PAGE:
And then finally they actually transcribed an interview with a witness.  The witness was not given a number at this time, but we got to read the interview.

This witness sees some kind of struggle in the car from his home.  Not much information, there, but then he says:

Um, when, but the guy, he constantly, he just ran down in the middle of the street and the officer just gets out the car and shoots. I thought it was six times. So, um, when he, when he hit, I guess when he hit the first and the second time, the guy, he kinda stopped and turned around facing the officer, uh, bent down a little bit curled up, and the officer let out, what, three, maybe four more shots to the guy and that's when he hit the ground and, um, and that was it and that was the whole thing.

And he actually had a friend, he, I don't know, I just seen him duck down, a car, um, they had a car door open, it was a white car, um, he hopped in, I guess those two cars left.

So this contradicts Wilson’s account some by saying he shot as Brown ran from his car.  Also no mention of hands being up, an attempt to surrender.  But also no mention of Brown charging Wilson.  And he seemed to claim that Johnson got in a car and left.  Both Johnson and Wilson agree that Johnson left on foot, as in running the hell out of there.

So that is one interview by police.  The same guy apparently had a second interview.  In that one, the witness approached the cop and said he had something to add to the statement:

[witness] Yeah. Um, the only thing is um, when I was at the window, when I saw the altercation, the guy ran. I heard the shooting, that's when I saw the cop gets out of the car just when I was still --

DETECTIVE Did you say you heard shots first?

[witness] Yeah, I heard the shots first.


[witness] I was still at the window. That's when he got, got out of the car and I heard the shots. That's what drew me to outside so I could see what's going on.


[witness] And, uh, I guess the guy did get hit cause he turned around back towards facing the cop, kinda walking back towards him slow, curled up and he let go three, four shots back at him.

DETECTIVE Okay. Say that for me, he turned around, he started what, curled over and started walking --

[witness] Yeah, yeah, yeah, yeah.

DETECTIVE -- towards the officer?

[witness] Well, yeah, like he was hit and he shot him three or four times and that's when he hit the ground.

(Vol. 6, p.19-20; pdf pp. 223-24).  Let me note that my OCR always turns “um,” into “urn.”  I try to replace each of them with the right word, but it is just a matter of time before I screw this up.  So if you see “urn” in the sentence, you know what it probably means.

Analyzing the witness, I think he is not thinking precisely about what he saw v. what he can surmise.  He sees things that make him reasonably believe that a person was shot, but he plainly didn’t actually see him be shot.  This doesn’t mean he is lying, but lawyers know that proving a person a liar is only one way to undermine their credibility because there is much more to credibility than just honesty.  Here’s a pretty standard recitation of the elements you look for in determining a person’s credibility:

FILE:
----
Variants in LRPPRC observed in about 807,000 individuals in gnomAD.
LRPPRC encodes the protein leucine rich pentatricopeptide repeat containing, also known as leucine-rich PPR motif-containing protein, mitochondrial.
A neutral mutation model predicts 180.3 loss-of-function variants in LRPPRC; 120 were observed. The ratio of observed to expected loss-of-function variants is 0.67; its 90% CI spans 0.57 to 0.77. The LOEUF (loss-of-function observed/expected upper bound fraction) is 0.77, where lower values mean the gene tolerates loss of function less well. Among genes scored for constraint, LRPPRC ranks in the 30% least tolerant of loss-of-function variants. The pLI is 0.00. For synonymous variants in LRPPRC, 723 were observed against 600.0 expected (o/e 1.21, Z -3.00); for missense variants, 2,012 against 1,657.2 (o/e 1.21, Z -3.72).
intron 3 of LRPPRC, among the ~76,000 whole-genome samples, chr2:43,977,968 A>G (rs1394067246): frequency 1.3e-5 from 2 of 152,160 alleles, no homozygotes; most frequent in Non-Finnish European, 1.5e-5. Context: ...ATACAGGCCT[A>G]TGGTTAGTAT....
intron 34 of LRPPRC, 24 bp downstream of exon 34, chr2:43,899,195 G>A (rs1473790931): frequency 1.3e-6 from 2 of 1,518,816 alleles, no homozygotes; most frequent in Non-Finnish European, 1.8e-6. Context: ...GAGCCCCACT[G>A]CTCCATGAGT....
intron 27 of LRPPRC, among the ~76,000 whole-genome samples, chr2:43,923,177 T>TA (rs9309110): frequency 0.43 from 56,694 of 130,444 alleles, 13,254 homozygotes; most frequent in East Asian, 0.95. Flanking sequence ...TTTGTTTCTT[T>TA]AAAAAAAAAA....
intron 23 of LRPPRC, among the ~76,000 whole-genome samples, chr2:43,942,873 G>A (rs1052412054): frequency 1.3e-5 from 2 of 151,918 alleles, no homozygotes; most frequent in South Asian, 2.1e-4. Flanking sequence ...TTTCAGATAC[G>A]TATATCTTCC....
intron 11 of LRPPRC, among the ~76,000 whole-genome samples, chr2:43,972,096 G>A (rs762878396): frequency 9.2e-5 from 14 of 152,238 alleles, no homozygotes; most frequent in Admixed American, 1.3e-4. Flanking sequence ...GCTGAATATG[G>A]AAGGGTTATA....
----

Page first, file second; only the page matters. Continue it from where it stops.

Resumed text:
On reflection it becomes almost axiomatic that the appearance of telling the truth is but one of the elements that enter into the credibility of the evidence of a witness. Opportunities for knowledge, powers of observation, judgment and memory, ability to describe clearly what he has seen and heard, as well as other factors, combine to produce what is called credibility[.]

This witness seems to have a common problem in communicating clearly what he has actually seen, and not providing his conclusions.  I expect to see most witnesses have this problem, but it is particularly pronounced in his case.  After that, a third recorded statement.  It mentions that he happens to be African American.  Ideally that shouldn’t be relevant, and it isn’t relevant to me, but might be relevant to others.

This time, the same unidentified gentleman is saying he recorded part of what happened on his phone, but it was directly after the shooting.  And he is very vague about what he saw at the car, but the officer teases out some more detail:

I, I saw some, some arms going through the window. It might have been Michael Brown's arm, he might have been punching a police officer, or whatever. Something was going on through the window.

(Vol. 6, p.28; pdf p. 233).  So he’s not 100% sure, but it tends to support Wilson’s story.  He indicates he heard no shots until Wilson got out of the car.  He goes on to claim Johnson got in a car and even that he could hear their conversation, which seems dubious to me.  Again, the most charitable interpretation is that he is confusing what he surmised with what he saw.